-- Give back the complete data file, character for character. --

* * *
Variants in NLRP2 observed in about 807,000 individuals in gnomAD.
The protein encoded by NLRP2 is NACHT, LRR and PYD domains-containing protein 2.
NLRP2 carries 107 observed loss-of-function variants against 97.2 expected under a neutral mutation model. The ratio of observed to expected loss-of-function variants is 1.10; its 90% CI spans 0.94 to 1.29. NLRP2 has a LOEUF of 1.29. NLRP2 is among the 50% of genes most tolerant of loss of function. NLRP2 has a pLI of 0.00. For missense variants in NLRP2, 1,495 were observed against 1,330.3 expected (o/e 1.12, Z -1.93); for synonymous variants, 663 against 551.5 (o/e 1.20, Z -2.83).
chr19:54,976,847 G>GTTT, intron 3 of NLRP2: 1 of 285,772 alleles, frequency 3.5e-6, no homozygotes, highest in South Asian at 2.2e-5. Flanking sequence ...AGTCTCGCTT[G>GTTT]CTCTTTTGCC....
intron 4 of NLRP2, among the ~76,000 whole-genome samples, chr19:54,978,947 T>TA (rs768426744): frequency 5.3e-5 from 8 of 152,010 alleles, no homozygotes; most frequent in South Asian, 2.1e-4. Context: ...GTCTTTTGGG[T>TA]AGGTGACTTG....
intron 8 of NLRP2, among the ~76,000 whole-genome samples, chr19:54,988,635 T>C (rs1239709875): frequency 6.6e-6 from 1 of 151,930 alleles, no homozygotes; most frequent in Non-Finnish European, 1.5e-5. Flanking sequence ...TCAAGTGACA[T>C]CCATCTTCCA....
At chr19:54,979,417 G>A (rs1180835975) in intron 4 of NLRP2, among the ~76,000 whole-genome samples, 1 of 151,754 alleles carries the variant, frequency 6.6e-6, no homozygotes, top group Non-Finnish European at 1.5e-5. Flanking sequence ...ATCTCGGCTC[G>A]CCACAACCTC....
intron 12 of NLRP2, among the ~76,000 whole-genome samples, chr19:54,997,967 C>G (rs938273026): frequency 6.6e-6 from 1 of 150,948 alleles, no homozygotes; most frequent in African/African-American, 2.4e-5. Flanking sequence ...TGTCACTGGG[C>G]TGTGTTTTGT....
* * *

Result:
Variants in NLRP2 observed in about 807,000 individuals in gnomAD.
The protein encoded by NLRP2 is NACHT, LRR and PYD domains-containing protein 2.
NLRP2 carries 107 observed loss-of-function variants against 97.2 expected under a neutral mutation model. The ratio of observed to expected loss-of-function variants is 1.10; its 90% CI spans 0.94 to 1.29. NLRP2 has a LOEUF of 1.29. NLRP2 is among the 50% of genes most tolerant of loss of function. NLRP2 has a pLI of 0.00. For missense variants in NLRP2, 1,495 were observed against 1,330.3 expected (o/e 1.12, Z -1.93); for synonymous variants, 663 against 551.5 (o/e 1.20, Z -2.83).
chr19:54,976,847 G>GTTT, intron 3 of NLRP2: 1 of 285,772 alleles, frequency 3.5e-6, no homozygotes, highest in South Asian at 2.2e-5. Flanking sequence ...AGTCTCGCTT[G>GTTT]CTCTTTTGCC....
intron 4 of NLRP2, among the ~76,000 whole-genome samples, chr19:54,978,947 T>TA (rs768426744): frequency 5.3e-5 from 8 of 152,010 alleles, no homozygotes; most frequent in South Asian, 2.1e-4. Context: ...GTCTTTTGGG[T>TA]AGGTGACTTG....
intron 8 of NLRP2, among the ~76,000 whole-genome samples, chr19:54,988,635 T>C (rs1239709875): frequency 6.6e-6 from 1 of 151,930 alleles, no homozygotes; most frequent in Non-Finnish European, 1.5e-5. Flanking sequence ...TCAAGTGACA[T>C]CCATCTTCCA....
At chr19:54,979,417 G>A (rs1180835975) in intron 4 of NLRP2, among the ~76,000 whole-genome samples, 1 of 151,754 alleles carries the variant, frequency 6.6e-6, no homozygotes, top group Non-Finnish European at 1.5e-5. Flanking sequence ...ATCTCGGCTC[G>A]CCACAACCTC....
intron 12 of NLRP2, among the ~76,000 whole-genome samples, chr19:54,997,967 C>G (rs938273026): frequency 6.6e-6 from 1 of 150,948 alleles, no homozygotes; most frequent in African/African-American, 2.4e-5. Flanking sequence ...TGTCACTGGG[C>G]TGTGTTTTGT....